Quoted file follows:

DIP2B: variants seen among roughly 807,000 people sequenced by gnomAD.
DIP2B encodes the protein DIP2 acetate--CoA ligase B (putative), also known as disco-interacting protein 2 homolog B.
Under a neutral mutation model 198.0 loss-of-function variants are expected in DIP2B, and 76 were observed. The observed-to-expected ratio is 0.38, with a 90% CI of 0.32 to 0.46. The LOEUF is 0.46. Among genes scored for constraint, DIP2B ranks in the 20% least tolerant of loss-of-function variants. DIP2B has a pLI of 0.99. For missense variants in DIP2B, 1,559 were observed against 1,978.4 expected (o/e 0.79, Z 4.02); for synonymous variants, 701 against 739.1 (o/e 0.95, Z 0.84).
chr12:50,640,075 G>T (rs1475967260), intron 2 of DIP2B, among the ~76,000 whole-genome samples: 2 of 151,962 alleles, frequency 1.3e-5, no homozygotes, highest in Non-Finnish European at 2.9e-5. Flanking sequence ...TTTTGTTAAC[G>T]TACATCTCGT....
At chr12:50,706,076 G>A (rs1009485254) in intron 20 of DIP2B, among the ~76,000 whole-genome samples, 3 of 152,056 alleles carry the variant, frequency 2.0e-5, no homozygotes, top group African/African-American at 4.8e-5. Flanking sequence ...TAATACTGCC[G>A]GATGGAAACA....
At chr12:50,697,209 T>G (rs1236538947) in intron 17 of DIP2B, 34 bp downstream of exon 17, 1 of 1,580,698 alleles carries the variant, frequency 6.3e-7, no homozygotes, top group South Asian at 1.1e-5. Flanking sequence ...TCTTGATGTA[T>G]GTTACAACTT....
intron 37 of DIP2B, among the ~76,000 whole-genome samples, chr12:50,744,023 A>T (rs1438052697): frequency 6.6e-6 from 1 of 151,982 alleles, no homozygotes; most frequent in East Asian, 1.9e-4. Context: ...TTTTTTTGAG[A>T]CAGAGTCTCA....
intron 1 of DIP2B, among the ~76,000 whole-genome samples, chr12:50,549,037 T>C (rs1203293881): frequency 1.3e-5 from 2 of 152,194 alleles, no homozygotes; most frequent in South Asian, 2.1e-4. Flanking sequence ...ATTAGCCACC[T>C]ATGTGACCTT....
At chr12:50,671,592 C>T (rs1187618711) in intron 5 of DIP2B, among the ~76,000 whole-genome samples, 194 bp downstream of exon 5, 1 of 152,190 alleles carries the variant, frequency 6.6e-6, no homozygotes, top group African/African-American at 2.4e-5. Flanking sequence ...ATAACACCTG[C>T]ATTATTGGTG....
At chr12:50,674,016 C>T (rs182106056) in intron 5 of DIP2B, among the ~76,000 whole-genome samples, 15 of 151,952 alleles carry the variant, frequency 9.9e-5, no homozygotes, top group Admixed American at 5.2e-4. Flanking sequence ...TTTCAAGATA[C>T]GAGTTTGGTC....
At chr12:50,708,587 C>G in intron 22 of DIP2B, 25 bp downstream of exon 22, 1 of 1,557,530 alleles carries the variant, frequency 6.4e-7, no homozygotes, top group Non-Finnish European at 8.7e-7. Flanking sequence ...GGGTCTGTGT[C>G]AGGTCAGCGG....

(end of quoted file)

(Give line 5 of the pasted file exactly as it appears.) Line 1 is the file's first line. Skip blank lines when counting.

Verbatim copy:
At chr12:50,706,076 G>A (rs1009485254) in intron 20 of DIP2B, among the ~76,000 whole-genome samples, 3 of 152,056 alleles carry the variant, frequency 2.0e-5, no homozygotes, top group African/African-American at 4.8e-5. Flanking sequence ...TAATACTGCC[G>A]GATGGAAACA....